- Arm of the Sphinx (The Books of Babel #2).
- Josiah Bancroft.
- 432 pages.
- Fantasy / Steampunk / Fiction.
- My Rating: Hell Yeah Book Review.
Forced by necessity into a life of piracy, Senlin and his eclectic crew struggle to survive aboard their stolen airship as the hunt for his lost wife continues. But the Tower of Babel is proving to be as difficult to re-enter as it was to escape.
Hopeless and desolate, they turn to a legend of the tower, the mysterious Sphinx. But help from the sphinx doesn’t come cheaply and, as Senlin knows, debts aren’t always what they seem in the Tower of Babel.
I received a free copy of this book courtesy of the publisher in exchange for an honest review.
You can find the link to my review for Senlin Ascends, the first book in the Books of Babel series below:
I found Arm of the Sphinx particularly at the beginning to be far more action-oriented than Senlin Ascends. Whereas the previous book starts rather sedately building the setting of the illustrious Tower of Babel and the character of Thomas Senlin this time around Bancroft starts things off with an action-packed bang.
The start of Arm of the Sphinx is akin to a piratical tale as the Stone Cloud (the airship that Senlin and now going under the alias Captain Tom Mudd stole at the end of Senlin Ascends) and its crew of intrepid explorers are forced by necessity into a life of pirating as they attempt to find a way back in to the Tower of Babel. Things do somewhat taper off after Senlin and the crew manage to re-enter the aforementioned Tower and after their adventure in the Silk Gardens concludes. When they finally meet the mysterious Sphinx the book changes to focusing more on the characters and their individual development.
Arm of the Sphinx is somewhat different in tone to Senlin Ascends, it’s predecessor. Senlin’s search for his wife is still the main and overarching story for The Books of Babel series and the ultimate goal for Senlin but in Arm of the Sphinx, it takes a far less prominent role as we learn more about the machinations and internal strife that are plaguing the tower.
Though ably supported by a secondary cast of characters Senlin Ascends was predominantly the lone tale of Thomas Senlin and his search for Marya, his wife. With Arm of the Sphinx Bancroft switches style so that the once secondary set of characters are all given more pages to themselves and time in the story. Instead of Arm of the Sphinx being a solitary tale it’s a group effort with Adam, Voleta (who apart from Senlin himself is my favourite character, a spunky wise-ass), Iren and Edith all taking on the mantle of main characters alongside Senlin with each being allowed plenty of page space by Bancroft and given the chance to shine, grow and partake in their own separate escapades and adventures.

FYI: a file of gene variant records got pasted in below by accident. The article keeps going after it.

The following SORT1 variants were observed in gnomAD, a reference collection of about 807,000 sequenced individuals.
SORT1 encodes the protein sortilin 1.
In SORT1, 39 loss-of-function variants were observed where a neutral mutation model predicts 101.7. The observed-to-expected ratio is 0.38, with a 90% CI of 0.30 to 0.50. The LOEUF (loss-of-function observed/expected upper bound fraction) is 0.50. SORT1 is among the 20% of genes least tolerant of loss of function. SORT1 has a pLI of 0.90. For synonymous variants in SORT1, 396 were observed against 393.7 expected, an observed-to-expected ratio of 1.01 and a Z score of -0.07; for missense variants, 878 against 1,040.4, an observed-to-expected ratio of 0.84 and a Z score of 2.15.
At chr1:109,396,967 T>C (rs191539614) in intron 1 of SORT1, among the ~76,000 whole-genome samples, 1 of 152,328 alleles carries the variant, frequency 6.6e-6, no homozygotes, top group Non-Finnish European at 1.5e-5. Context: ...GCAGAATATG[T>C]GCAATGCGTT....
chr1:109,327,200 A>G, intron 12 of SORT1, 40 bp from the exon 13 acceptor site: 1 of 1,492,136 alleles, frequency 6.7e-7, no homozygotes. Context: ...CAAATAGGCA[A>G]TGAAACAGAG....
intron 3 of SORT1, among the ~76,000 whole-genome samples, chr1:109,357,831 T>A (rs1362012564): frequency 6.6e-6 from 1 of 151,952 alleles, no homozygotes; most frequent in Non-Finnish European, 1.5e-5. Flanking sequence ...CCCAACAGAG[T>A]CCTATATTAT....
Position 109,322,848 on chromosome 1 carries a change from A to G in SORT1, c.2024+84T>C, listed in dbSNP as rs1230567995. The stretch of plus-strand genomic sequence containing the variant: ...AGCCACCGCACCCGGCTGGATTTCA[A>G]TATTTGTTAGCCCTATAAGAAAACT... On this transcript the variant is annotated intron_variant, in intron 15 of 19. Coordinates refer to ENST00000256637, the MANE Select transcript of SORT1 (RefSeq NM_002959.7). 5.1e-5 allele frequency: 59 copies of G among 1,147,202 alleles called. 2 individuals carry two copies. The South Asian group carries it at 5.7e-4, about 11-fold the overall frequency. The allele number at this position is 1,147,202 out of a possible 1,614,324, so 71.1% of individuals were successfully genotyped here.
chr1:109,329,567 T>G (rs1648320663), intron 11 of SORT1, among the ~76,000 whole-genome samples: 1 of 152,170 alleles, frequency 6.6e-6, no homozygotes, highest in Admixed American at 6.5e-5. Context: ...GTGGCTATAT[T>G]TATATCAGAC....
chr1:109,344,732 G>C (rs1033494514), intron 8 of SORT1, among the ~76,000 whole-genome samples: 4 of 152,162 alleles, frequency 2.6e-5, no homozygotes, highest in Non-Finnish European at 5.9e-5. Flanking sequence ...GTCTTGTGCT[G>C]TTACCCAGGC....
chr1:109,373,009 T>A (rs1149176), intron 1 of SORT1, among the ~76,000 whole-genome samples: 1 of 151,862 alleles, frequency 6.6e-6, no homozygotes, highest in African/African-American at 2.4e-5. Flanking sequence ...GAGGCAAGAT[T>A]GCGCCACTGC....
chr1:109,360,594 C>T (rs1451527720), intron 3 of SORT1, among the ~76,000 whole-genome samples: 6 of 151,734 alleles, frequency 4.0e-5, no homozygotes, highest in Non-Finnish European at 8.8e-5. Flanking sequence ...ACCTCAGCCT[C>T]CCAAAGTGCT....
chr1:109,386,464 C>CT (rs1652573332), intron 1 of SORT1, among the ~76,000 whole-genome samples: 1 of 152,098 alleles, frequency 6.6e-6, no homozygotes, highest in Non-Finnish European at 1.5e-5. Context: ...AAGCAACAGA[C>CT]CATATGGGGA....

We get to delve deeper into the Tower, its origins and its history in Arm of the Sphinx and let’s face it. The Tower of Babel is as much an integral part of the story as any of the other characters and is an utterly fascinating creation and setting.
To go with the crew of the Stone Cloud who we already know a few new characters are introduced by Bancroft. Without going into any undue detail I particularly found the Sphinx (from the title of the book) to be an absolutely enigmatic and surreal character and there was also something superb about Byron (a secondary character) too.
For me, the main focus in Arm of the Sphinx was in further developing and exploring the characters and in that aspect Bancroft does a wonderful job. Everyone is fully fleshed out and realised and you will find no one-dimensional cardboard cutout characters here.
It’s not all about the characters though and Arm of the Sphinx also moves the story forward, plant seeds for future showdowns and revelations and sets the story up nicely for the next instalment in the series, The Hod King.
Arm of the Sphinx leaves you wanting to find out what happens next, is a stellar continuation of The Books of Babel and an absolute pleasure to read. I, like I’m sure many others also are, am in awe of Bancroft and his imagination.
The Books of Babel are an extravaganza of ingenuity. I find myself enamoured by Bancroft’s creation, utterly enamoured!
Purchase Arm of the Sphinx (The Books of Babel #2).
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